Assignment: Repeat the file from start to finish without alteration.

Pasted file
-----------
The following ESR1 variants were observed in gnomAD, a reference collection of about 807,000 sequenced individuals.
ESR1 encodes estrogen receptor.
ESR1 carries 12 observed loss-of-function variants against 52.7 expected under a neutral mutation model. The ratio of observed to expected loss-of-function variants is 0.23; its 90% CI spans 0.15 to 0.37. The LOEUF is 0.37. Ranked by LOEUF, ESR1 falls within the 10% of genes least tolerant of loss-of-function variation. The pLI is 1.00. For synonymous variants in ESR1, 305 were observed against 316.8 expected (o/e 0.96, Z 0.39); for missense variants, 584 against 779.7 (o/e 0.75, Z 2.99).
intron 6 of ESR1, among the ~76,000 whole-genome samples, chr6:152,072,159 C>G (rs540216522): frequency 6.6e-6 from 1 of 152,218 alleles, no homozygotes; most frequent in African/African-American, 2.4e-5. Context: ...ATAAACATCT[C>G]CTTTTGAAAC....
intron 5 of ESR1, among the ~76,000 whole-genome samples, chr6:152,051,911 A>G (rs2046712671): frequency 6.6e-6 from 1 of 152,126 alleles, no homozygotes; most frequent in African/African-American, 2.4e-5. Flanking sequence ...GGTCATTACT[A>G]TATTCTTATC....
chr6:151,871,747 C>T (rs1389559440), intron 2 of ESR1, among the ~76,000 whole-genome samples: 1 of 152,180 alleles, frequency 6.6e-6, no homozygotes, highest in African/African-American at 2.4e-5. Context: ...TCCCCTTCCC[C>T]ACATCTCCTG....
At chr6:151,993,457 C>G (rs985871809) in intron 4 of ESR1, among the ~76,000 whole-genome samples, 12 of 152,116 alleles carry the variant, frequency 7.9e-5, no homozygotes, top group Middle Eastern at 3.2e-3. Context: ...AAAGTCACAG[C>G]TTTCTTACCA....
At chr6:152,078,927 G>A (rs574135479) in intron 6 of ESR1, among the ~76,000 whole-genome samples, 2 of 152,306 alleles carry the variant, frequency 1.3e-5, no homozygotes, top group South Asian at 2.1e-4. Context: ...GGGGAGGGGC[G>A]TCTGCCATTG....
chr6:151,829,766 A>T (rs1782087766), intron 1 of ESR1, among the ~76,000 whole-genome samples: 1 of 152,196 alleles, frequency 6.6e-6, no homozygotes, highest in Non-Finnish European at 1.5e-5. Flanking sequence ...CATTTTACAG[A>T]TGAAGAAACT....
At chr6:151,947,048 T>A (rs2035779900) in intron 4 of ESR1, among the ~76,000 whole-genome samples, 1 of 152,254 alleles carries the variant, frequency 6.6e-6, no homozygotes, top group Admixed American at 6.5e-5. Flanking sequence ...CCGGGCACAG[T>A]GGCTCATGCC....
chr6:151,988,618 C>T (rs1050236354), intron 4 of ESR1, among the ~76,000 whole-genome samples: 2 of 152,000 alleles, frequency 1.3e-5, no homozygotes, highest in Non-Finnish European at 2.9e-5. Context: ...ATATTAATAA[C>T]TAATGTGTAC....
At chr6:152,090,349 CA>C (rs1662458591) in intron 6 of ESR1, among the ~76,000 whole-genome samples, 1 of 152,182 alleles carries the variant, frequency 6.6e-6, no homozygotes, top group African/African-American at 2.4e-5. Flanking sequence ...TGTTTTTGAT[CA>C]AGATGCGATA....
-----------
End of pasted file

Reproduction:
The following ESR1 variants were observed in gnomAD, a reference collection of about 807,000 sequenced individuals.
ESR1 encodes estrogen receptor.
ESR1 carries 12 observed loss-of-function variants against 52.7 expected under a neutral mutation model. The ratio of observed to expected loss-of-function variants is 0.23; its 90% CI spans 0.15 to 0.37. The LOEUF is 0.37. Ranked by LOEUF, ESR1 falls within the 10% of genes least tolerant of loss-of-function variation. The pLI is 1.00. For synonymous variants in ESR1, 305 were observed against 316.8 expected (o/e 0.96, Z 0.39); for missense variants, 584 against 779.7 (o/e 0.75, Z 2.99).
intron 6 of ESR1, among the ~76,000 whole-genome samples, chr6:152,072,159 C>G (rs540216522): frequency 6.6e-6 from 1 of 152,218 alleles, no homozygotes; most frequent in African/African-American, 2.4e-5. Context: ...ATAAACATCT[C>G]CTTTTGAAAC....
intron 5 of ESR1, among the ~76,000 whole-genome samples, chr6:152,051,911 A>G (rs2046712671): frequency 6.6e-6 from 1 of 152,126 alleles, no homozygotes; most frequent in African/African-American, 2.4e-5. Flanking sequence ...GGTCATTACT[A>G]TATTCTTATC....
chr6:151,871,747 C>T (rs1389559440), intron 2 of ESR1, among the ~76,000 whole-genome samples: 1 of 152,180 alleles, frequency 6.6e-6, no homozygotes, highest in African/African-American at 2.4e-5. Context: ...TCCCCTTCCC[C>T]ACATCTCCTG....
At chr6:151,993,457 C>G (rs985871809) in intron 4 of ESR1, among the ~76,000 whole-genome samples, 12 of 152,116 alleles carry the variant, frequency 7.9e-5, no homozygotes, top group Middle Eastern at 3.2e-3. Context: ...AAAGTCACAG[C>G]TTTCTTACCA....
At chr6:152,078,927 G>A (rs574135479) in intron 6 of ESR1, among the ~76,000 whole-genome samples, 2 of 152,306 alleles carry the variant, frequency 1.3e-5, no homozygotes, top group South Asian at 2.1e-4. Context: ...GGGGAGGGGC[G>A]TCTGCCATTG....
chr6:151,829,766 A>T (rs1782087766), intron 1 of ESR1, among the ~76,000 whole-genome samples: 1 of 152,196 alleles, frequency 6.6e-6, no homozygotes, highest in Non-Finnish European at 1.5e-5. Flanking sequence ...CATTTTACAG[A>T]TGAAGAAACT....
At chr6:151,947,048 T>A (rs2035779900) in intron 4 of ESR1, among the ~76,000 whole-genome samples, 1 of 152,254 alleles carries the variant, frequency 6.6e-6, no homozygotes, top group Admixed American at 6.5e-5. Flanking sequence ...CCGGGCACAG[T>A]GGCTCATGCC....
chr6:151,988,618 C>T (rs1050236354), intron 4 of ESR1, among the ~76,000 whole-genome samples: 2 of 152,000 alleles, frequency 1.3e-5, no homozygotes, highest in Non-Finnish European at 2.9e-5. Context: ...ATATTAATAA[C>T]TAATGTGTAC....
At chr6:152,090,349 CA>C (rs1662458591) in intron 6 of ESR1, among the ~76,000 whole-genome samples, 1 of 152,182 alleles carries the variant, frequency 6.6e-6, no homozygotes, top group African/African-American at 2.4e-5. Flanking sequence ...TGTTTTTGAT[CA>C]AGATGCGATA....